Snoring/Sleep Apnea

Snoring and sleep apnea are very common conditions that potentially can be very serious and life-threatening if left untreated. Sometimes it is difficult for the surgeon to differentiate between the two, requiring further sleep studies to confirm the diagnosis. Today, many fine treatments are available to treat these conditions.


Our practice is proud to offer the latest technology in the treatment of snoring.

Restore Medical Inc. has developed the PillarTM Palatal Implant System, a new solution for snoring treatment ( The implant consists of three pieces of polyester yarn less than an inch long. Designed to be permanent, they are inserted into the soft palate on the roof of the mouth. They prompt the tissue to stiffen and in turn reduce the “flutter” which is the main culprit in the snoring sound. The inserts are carefully designed to provide these effects without adversely affecting normal palate function.

This system is more advanced than many other procedures because it does not involve heating or removing tissue, which minimizes swelling and post-procedure pain. It is retrievable as well which provides patients and their physicians flexibility for other treatment options in the future. Most patients can resume normal activities and diet shortly after this ten minute procedure.

The Pillar Procedure is:

  • Less invasive and less painful than other surgical procedures
  • Completed in a single, short office visit
  • FDA-cleared and clinically proven, with results comparable to more aggressive surgical procedures

Are you a candidate for this new snore implant?

If you are currently on CPAP or have moderate to severe sleep apnea, there is a good chance you will not benefit from this new procedure. Your best option may be a laser procedure or orthognathic (Jaw) surgery. The snore implant is designed to help alleviate snoring for those patients who have just enough tissue in the back of their throat to cause snoring. This new procedure is not a treatment for sleep apnea.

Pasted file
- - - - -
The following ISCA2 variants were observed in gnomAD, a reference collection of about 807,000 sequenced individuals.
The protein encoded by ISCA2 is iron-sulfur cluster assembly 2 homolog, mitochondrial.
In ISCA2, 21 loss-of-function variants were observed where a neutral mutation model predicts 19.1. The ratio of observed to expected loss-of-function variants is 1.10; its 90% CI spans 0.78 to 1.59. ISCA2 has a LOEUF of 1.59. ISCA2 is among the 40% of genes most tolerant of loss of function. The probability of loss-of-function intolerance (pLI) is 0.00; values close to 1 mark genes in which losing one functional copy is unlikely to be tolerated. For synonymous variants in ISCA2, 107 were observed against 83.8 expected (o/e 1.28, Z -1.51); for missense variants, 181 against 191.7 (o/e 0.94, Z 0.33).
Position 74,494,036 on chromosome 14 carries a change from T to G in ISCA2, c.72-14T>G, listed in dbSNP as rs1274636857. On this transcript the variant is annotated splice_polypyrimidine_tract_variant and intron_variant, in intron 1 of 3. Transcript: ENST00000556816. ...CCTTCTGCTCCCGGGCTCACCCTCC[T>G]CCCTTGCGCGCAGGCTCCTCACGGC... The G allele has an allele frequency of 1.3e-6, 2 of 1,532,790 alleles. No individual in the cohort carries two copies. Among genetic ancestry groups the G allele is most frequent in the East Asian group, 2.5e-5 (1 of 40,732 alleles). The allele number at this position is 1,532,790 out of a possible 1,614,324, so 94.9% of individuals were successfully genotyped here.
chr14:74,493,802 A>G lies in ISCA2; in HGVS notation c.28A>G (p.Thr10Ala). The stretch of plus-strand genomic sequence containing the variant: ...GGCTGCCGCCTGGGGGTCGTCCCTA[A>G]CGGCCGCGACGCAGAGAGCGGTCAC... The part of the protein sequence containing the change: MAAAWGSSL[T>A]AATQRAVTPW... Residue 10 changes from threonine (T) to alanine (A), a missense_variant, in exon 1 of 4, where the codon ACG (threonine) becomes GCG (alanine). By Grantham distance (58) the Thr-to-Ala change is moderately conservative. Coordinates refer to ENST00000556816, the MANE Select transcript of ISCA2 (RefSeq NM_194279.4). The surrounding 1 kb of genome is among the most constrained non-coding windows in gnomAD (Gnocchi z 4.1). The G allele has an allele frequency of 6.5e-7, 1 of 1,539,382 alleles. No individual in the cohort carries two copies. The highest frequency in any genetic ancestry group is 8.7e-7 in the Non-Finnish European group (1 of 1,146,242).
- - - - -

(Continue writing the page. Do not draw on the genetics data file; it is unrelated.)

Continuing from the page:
Sleep Apnea

People with obstructive sleep apnea (OSA) have disrupted sleep and low blood oxygen levels. When obstructive sleep apnea occurs, the tongue is sucked against the back of the throat. This blocks the upper airway and air flow stops. When the oxygen level in the brain becomes low enough, the sleeper partially awakens the obstruction in the throat clears and the flow of air starts again, usually with a loud gasp.

Repeated cycles of decreased oxygenation lead to very serious cardiovascular problems. Additionally, these individuals suffer from excessive daytime sleepiness, depression, and loss of concentration. Falling asleep while driving is not uncommon.

Some patients have obstructions that are less severe called Upper Airway Resistance Syndrome (UARS). In either case, the individuals suffer many of the same symptoms. The first step in treatment resides in recognition of the symptoms and seeking appropriate consultation. Oral and Maxillofacial Surgeons offer consultation and treatment options. In addition to a detailed history, the doctors will assess the anatomic relationships in the maxillofacial region. With cephalometic (skull x-ray) analysis, the doctor can ascertain the level of obstruction. Sometimes a naso-pharyngeal exam is done with a flexible fiber-optic camera. To confirm the amount of cardiovascular compromise and decreased oxygenation levels, a sleep study may be recommended to monitor individuals overnight.

There are several treatment options available. An initial treatment may consist of using a nasal CPAP machine that delivers pressurized oxygen through a nasal mask to limit obstruction at night. One of the surgical options is an uvulo-palato-pharyngo-plasty (UPPP), which is performed in the back of the soft palate and throat. A similar procedure is sometime done with the assistance of a laser and is called a Laser Assisted uvulo-palato-plasty (LAUP). In other cases, a radio-frequency probe is utilized to tighten the soft palate.

Studies have shown that the most successful cures for obstructive sleep apnea include treatment with Orthognathic Surgery. In these more complex cases, the bones of the upper and lower jaw are repositioned to permanently increase the size of the airway. This procedure is done in the hospital under general anesthesia and requires 1 to 2 days overnight stay in the hospital.

OSA is a very serious condition that needs careful attention and treatment. Most major medical plans offer coverage for diagnosis and treatment.